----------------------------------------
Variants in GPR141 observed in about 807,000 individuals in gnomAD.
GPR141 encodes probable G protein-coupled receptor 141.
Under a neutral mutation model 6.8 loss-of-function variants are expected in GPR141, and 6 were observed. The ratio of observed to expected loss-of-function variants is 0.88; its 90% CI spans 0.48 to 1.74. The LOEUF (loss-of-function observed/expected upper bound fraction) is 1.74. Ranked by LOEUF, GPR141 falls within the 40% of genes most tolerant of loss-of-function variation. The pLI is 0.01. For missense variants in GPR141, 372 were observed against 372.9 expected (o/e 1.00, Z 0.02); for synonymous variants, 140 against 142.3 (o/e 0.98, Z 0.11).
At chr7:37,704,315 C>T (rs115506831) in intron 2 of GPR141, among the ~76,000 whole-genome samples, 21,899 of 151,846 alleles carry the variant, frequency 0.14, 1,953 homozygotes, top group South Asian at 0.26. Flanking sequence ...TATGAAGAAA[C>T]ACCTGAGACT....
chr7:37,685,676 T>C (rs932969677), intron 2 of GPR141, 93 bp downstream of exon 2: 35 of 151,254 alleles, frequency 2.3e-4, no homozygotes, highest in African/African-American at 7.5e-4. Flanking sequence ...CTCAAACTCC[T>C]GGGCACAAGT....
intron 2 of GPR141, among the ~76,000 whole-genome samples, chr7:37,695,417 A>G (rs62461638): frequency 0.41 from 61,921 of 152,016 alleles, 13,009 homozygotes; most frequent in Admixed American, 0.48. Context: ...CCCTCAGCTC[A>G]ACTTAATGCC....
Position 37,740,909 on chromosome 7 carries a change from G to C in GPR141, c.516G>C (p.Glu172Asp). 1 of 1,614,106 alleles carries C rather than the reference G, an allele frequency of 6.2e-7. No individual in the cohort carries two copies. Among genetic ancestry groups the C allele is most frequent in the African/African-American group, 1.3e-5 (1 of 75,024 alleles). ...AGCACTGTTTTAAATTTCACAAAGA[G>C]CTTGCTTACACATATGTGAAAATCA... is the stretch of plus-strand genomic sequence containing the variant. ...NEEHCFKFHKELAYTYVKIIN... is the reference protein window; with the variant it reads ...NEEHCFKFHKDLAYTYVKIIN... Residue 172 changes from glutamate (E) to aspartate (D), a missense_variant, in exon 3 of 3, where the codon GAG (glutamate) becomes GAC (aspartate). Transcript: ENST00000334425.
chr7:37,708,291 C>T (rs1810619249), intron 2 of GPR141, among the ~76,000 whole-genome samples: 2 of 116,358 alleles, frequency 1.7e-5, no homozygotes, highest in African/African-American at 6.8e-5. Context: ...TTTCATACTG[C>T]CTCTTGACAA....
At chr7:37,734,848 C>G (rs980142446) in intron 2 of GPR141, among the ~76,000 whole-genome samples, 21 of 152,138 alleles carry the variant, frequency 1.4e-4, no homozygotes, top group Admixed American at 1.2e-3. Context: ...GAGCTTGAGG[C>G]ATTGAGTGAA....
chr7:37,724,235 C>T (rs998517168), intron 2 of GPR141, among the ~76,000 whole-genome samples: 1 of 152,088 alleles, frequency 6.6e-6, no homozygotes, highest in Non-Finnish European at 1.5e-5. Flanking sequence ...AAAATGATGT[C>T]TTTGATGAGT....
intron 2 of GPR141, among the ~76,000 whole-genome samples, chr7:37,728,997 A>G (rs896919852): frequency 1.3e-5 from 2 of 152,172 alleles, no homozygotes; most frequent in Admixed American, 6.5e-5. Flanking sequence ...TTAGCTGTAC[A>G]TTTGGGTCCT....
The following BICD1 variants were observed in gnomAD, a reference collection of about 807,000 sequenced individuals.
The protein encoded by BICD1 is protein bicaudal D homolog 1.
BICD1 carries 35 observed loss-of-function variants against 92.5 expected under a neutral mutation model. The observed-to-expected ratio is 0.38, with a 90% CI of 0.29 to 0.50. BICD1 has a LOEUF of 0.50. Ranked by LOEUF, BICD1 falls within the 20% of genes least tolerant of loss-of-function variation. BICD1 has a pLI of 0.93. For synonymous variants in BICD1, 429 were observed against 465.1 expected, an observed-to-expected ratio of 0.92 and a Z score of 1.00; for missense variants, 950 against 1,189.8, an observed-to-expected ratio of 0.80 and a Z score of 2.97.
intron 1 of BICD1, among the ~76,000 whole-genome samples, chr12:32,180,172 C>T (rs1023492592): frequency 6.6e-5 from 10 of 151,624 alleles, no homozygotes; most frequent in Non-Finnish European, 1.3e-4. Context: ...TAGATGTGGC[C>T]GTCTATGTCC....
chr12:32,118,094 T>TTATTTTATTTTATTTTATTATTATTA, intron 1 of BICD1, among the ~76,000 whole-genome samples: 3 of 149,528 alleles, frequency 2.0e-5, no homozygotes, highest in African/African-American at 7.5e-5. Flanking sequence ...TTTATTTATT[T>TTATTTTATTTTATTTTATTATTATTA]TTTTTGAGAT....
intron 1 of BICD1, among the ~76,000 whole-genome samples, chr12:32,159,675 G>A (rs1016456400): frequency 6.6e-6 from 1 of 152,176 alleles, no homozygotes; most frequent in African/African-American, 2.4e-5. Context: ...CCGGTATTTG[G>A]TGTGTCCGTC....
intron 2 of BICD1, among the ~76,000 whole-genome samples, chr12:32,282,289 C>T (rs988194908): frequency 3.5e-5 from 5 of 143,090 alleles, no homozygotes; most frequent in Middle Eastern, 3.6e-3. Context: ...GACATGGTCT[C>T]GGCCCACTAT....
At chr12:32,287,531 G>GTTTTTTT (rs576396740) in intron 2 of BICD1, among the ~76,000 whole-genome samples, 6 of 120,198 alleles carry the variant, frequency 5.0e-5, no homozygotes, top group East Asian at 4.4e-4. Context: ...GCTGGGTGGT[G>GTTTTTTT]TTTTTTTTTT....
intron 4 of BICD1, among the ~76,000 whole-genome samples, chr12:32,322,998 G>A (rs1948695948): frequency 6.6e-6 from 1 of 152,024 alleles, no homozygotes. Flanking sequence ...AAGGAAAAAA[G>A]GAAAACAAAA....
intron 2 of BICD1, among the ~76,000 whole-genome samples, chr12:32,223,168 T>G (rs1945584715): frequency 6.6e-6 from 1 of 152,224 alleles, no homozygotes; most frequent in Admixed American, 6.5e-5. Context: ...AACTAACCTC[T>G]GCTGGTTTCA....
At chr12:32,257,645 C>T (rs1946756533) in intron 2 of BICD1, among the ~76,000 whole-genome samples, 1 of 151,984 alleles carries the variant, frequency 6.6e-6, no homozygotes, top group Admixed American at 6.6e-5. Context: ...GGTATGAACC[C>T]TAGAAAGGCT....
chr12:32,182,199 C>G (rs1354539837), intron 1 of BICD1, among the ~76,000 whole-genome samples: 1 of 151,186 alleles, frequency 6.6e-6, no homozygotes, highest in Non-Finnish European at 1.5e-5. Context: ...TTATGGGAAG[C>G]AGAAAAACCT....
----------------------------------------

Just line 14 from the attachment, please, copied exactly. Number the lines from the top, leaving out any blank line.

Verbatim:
BICD1 carries 35 observed loss-of-function variants against 92.5 expected under a neutral mutation model. The observed-to-expected ratio is 0.38, with a 90% CI of 0.29 to 0.50. BICD1 has a LOEUF of 0.50. Ranked by LOEUF, BICD1 falls within the 20% of genes least tolerant of loss-of-function variation. BICD1 has a pLI of 0.93. For synonymous variants in BICD1, 429 were observed against 465.1 expected, an observed-to-expected ratio of 0.92 and a Z score of 1.00; for missense variants, 950 against 1,189.8, an observed-to-expected ratio of 0.80 and a Z score of 2.97.